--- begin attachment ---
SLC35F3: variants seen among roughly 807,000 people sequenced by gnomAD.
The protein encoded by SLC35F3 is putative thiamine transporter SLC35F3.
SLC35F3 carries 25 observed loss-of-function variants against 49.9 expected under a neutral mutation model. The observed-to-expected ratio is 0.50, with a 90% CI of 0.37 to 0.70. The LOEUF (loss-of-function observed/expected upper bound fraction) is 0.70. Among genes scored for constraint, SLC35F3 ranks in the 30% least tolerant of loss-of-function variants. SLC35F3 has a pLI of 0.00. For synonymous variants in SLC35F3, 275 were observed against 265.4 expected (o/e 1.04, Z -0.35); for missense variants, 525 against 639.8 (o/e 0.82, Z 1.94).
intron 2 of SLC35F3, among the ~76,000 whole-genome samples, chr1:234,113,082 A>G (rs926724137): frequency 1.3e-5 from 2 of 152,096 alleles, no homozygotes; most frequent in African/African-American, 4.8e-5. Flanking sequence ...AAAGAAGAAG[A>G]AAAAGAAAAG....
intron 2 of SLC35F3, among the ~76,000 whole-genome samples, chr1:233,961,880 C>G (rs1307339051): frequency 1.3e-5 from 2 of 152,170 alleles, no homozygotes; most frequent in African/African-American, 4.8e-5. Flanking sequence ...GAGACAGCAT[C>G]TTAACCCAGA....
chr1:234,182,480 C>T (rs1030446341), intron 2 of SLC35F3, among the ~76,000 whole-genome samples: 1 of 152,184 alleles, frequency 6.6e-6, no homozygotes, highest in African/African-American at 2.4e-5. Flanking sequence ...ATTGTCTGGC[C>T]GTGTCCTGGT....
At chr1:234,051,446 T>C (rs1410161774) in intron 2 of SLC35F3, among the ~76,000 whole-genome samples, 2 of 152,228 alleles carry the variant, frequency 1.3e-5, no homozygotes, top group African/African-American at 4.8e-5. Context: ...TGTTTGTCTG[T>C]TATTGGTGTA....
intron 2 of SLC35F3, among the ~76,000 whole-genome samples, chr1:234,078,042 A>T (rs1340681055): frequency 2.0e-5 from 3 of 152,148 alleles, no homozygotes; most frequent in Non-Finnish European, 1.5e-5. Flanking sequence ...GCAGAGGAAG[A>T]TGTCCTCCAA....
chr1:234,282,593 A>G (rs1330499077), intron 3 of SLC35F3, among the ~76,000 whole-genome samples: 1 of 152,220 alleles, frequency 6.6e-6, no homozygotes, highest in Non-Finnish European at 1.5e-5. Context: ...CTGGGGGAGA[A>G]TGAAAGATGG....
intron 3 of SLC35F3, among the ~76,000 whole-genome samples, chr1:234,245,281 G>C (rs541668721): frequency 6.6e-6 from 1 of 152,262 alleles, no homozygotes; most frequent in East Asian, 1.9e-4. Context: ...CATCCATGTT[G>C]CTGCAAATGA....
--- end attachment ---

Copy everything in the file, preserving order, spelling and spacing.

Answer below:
SLC35F3: variants seen among roughly 807,000 people sequenced by gnomAD.
The protein encoded by SLC35F3 is putative thiamine transporter SLC35F3.
SLC35F3 carries 25 observed loss-of-function variants against 49.9 expected under a neutral mutation model. The observed-to-expected ratio is 0.50, with a 90% CI of 0.37 to 0.70. The LOEUF (loss-of-function observed/expected upper bound fraction) is 0.70. Among genes scored for constraint, SLC35F3 ranks in the 30% least tolerant of loss-of-function variants. SLC35F3 has a pLI of 0.00. For synonymous variants in SLC35F3, 275 were observed against 265.4 expected (o/e 1.04, Z -0.35); for missense variants, 525 against 639.8 (o/e 0.82, Z 1.94).
intron 2 of SLC35F3, among the ~76,000 whole-genome samples, chr1:234,113,082 A>G (rs926724137): frequency 1.3e-5 from 2 of 152,096 alleles, no homozygotes; most frequent in African/African-American, 4.8e-5. Flanking sequence ...AAAGAAGAAG[A>G]AAAAGAAAAG....
intron 2 of SLC35F3, among the ~76,000 whole-genome samples, chr1:233,961,880 C>G (rs1307339051): frequency 1.3e-5 from 2 of 152,170 alleles, no homozygotes; most frequent in African/African-American, 4.8e-5. Flanking sequence ...GAGACAGCAT[C>G]TTAACCCAGA....
chr1:234,182,480 C>T (rs1030446341), intron 2 of SLC35F3, among the ~76,000 whole-genome samples: 1 of 152,184 alleles, frequency 6.6e-6, no homozygotes, highest in African/African-American at 2.4e-5. Flanking sequence ...ATTGTCTGGC[C>T]GTGTCCTGGT....
At chr1:234,051,446 T>C (rs1410161774) in intron 2 of SLC35F3, among the ~76,000 whole-genome samples, 2 of 152,228 alleles carry the variant, frequency 1.3e-5, no homozygotes, top group African/African-American at 4.8e-5. Context: ...TGTTTGTCTG[T>C]TATTGGTGTA....
intron 2 of SLC35F3, among the ~76,000 whole-genome samples, chr1:234,078,042 A>T (rs1340681055): frequency 2.0e-5 from 3 of 152,148 alleles, no homozygotes; most frequent in Non-Finnish European, 1.5e-5. Flanking sequence ...GCAGAGGAAG[A>T]TGTCCTCCAA....
chr1:234,282,593 A>G (rs1330499077), intron 3 of SLC35F3, among the ~76,000 whole-genome samples: 1 of 152,220 alleles, frequency 6.6e-6, no homozygotes, highest in Non-Finnish European at 1.5e-5. Context: ...CTGGGGGAGA[A>G]TGAAAGATGG....
intron 3 of SLC35F3, among the ~76,000 whole-genome samples, chr1:234,245,281 G>C (rs541668721): frequency 6.6e-6 from 1 of 152,262 alleles, no homozygotes; most frequent in East Asian, 1.9e-4. Context: ...CATCCATGTT[G>C]CTGCAAATGA....